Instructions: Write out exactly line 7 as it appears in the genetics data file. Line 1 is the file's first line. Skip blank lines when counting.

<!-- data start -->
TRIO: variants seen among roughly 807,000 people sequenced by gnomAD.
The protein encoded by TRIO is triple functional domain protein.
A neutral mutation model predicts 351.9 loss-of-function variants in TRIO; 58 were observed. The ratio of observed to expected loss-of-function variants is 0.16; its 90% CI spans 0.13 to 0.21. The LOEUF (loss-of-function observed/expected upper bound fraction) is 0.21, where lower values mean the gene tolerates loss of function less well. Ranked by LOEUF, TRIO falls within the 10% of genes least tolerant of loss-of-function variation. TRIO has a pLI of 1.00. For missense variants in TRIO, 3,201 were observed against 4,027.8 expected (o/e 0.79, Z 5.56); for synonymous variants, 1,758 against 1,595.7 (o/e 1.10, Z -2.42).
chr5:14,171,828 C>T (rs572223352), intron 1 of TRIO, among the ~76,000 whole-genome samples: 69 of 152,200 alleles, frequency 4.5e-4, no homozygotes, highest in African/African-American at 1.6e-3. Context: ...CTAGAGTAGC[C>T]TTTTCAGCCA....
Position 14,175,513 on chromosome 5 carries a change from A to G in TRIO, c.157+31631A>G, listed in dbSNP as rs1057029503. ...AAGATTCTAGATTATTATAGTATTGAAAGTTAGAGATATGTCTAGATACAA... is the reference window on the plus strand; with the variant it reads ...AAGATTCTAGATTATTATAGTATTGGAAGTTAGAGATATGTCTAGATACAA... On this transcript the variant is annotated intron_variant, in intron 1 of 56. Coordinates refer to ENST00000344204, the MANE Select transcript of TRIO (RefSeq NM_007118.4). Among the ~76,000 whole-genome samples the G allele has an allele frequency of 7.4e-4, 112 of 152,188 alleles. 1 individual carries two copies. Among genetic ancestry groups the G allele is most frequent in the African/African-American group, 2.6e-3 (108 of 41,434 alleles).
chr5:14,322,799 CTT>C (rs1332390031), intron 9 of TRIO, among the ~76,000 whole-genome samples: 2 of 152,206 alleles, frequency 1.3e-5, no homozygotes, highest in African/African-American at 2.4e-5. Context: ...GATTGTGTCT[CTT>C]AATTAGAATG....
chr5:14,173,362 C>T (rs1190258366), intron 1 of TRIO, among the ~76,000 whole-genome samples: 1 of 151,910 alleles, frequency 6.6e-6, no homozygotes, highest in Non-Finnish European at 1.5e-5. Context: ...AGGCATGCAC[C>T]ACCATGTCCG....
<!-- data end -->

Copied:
chr5:14,173,362 C>T (rs1190258366), intron 1 of TRIO, among the ~76,000 whole-genome samples: 1 of 151,910 alleles, frequency 6.6e-6, no homozygotes, highest in Non-Finnish European at 1.5e-5. Context: ...AGGCATGCAC[C>T]ACCATGTCCG....